d. Wilhelm Sasnal / Poland / 2010 /  70 mins
Downstairs @ Prince Charles Cinema (London, UK)

Still from Wilhelm Sasnal's Fallout

The overwhelming majority of post-apocalyptic or dystopic visions served up to cinema audiences – dominated, naturally, by the character-lite, formulaic plotting of roaming gangs of Hollywood writers – present a humanity which exists purely to overcome adversity, re-populate the Earth and live happily ever after. And yet it surely seems more likely that the survivors of some cataclysmic event would eventually continue to do exactly what they did beforehand: wander through life with purposeless abandon, look after their own interests above anything resembling the common good, and sit around awaiting instruction on what to do next. It might make for challenging viewing at times, but thankfully it is precisely this sort of vision which Polish artist and filmmaker Wilhelm Sasnal serves up in his second feature, Fallout.

Of course some of the dominant narratives do offer occasional glimpses of this element of humanity’s overwhelmingly pessimistic veraciousness, but it exists almost exclusively as an ‘evil’ which the ‘true’ heroes of the piece must overcome. Thus, in something like Children of Men (Alfonso Cuarón, 2006), the murderous hordes and agents of evil act only as hurdles for the central characters to leap on their way to bringing a ray of hope back into a dark world. More recently, John Hillcoat’s adaptation of Cormac McCarthy’s The Road (2009) manages to enact some sort of pessimistic self-preservation, but it does so as an anomaly which relies on the past pedigree of both director and author, who share something of a bleak, dystopic vision of humanity. That said, even The Road seems to withhold a sense that what occurs on-screen is but a precursor to a more hopeful future.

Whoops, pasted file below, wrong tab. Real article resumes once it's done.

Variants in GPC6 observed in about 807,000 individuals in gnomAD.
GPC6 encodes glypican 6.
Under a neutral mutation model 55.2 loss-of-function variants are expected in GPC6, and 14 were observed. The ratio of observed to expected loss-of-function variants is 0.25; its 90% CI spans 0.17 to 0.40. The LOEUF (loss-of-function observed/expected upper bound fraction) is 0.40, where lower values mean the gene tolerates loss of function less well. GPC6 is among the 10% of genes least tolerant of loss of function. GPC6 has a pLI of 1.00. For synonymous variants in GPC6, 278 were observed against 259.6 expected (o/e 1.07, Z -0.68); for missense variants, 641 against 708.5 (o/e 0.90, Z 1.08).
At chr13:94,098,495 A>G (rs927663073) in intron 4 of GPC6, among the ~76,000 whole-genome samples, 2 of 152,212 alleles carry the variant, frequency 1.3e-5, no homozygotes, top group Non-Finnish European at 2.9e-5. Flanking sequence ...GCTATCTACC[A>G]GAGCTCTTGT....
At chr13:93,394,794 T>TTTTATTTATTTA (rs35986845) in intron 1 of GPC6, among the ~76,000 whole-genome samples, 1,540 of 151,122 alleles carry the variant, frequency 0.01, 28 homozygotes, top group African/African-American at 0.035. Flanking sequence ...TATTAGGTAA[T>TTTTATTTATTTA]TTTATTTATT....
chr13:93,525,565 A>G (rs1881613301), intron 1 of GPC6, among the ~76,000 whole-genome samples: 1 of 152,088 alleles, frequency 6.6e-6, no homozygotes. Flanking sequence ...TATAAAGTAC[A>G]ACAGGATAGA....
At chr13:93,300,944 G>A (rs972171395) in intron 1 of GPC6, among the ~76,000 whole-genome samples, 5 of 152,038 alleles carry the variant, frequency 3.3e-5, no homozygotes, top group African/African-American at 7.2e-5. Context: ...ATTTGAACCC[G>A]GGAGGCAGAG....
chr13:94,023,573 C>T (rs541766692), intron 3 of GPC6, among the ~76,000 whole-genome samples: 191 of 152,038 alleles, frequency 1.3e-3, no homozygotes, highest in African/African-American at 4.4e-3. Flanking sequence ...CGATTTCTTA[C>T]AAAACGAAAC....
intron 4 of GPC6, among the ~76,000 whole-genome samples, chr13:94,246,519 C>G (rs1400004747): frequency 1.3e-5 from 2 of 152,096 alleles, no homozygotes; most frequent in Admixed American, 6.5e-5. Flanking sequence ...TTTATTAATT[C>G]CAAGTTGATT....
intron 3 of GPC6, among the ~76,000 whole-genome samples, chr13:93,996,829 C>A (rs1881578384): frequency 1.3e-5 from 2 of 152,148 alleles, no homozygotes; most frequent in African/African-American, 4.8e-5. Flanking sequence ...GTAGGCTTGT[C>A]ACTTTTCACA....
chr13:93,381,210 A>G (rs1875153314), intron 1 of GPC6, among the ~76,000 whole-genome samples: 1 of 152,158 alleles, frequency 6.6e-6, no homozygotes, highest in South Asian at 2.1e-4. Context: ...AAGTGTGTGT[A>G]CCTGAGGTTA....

And depending on how you interpret it, I suppose the same could be said of Fallout. A disjointed, pessimistic vision of undisclosed post-apocalyptic, ex-Soviet squalor, it begins with a caption which perhaps provides some clues to Sasnal’s intentions, referring to the events of the film as little more than a ‘brief moment in time’. And Sasnal manages to perfectly evoke an intriguing brand of timeless dystopia, even if his camera does feel a little restless and somewhat out of step with the general sense of calm bewilderment that paralyses the central characters. Indeed, were it not for a preference of editing over the long take, Fallout would evoke (more than it already does) something specifically Tarkovskyian in its bleak aimlessness.

Distinguishing it even further from Hollywood’s usual dystopic visions, the handful of characters in Fallout are both complex and mysterious, and their motivations are never made entirely clear, nor are their relationships with each other – before, during or after the unnamed cataclysm.

Indeed, this is a remarkably engaging piece, in which the audience must work to derive meaning, to find motivation and to make sense of the disjointed narrative. This central confusion of character, setting and temporal arrangement is key to Sasnal’s evocation of the confused stasis which greets his protagonists during this ‘brief moment in time’. Opening with them waiting attentively at the foot of a cluster of loudspeakers seemingly awaiting instructions on what to do next, Fallout closes in precisely the same manner. Still they wait, still they crave guidance, still they wait. Ever patient, ever still, beneath the loudspeakers like Vladimir and Estragon beneath their barren tree. What they are waiting for, and whether the words will ever be spoken, we will never know.

Since no clips from Fallout seem to exist online, this is one of Sasnal’s earlier 8mm works, Untitled (Touch Me).

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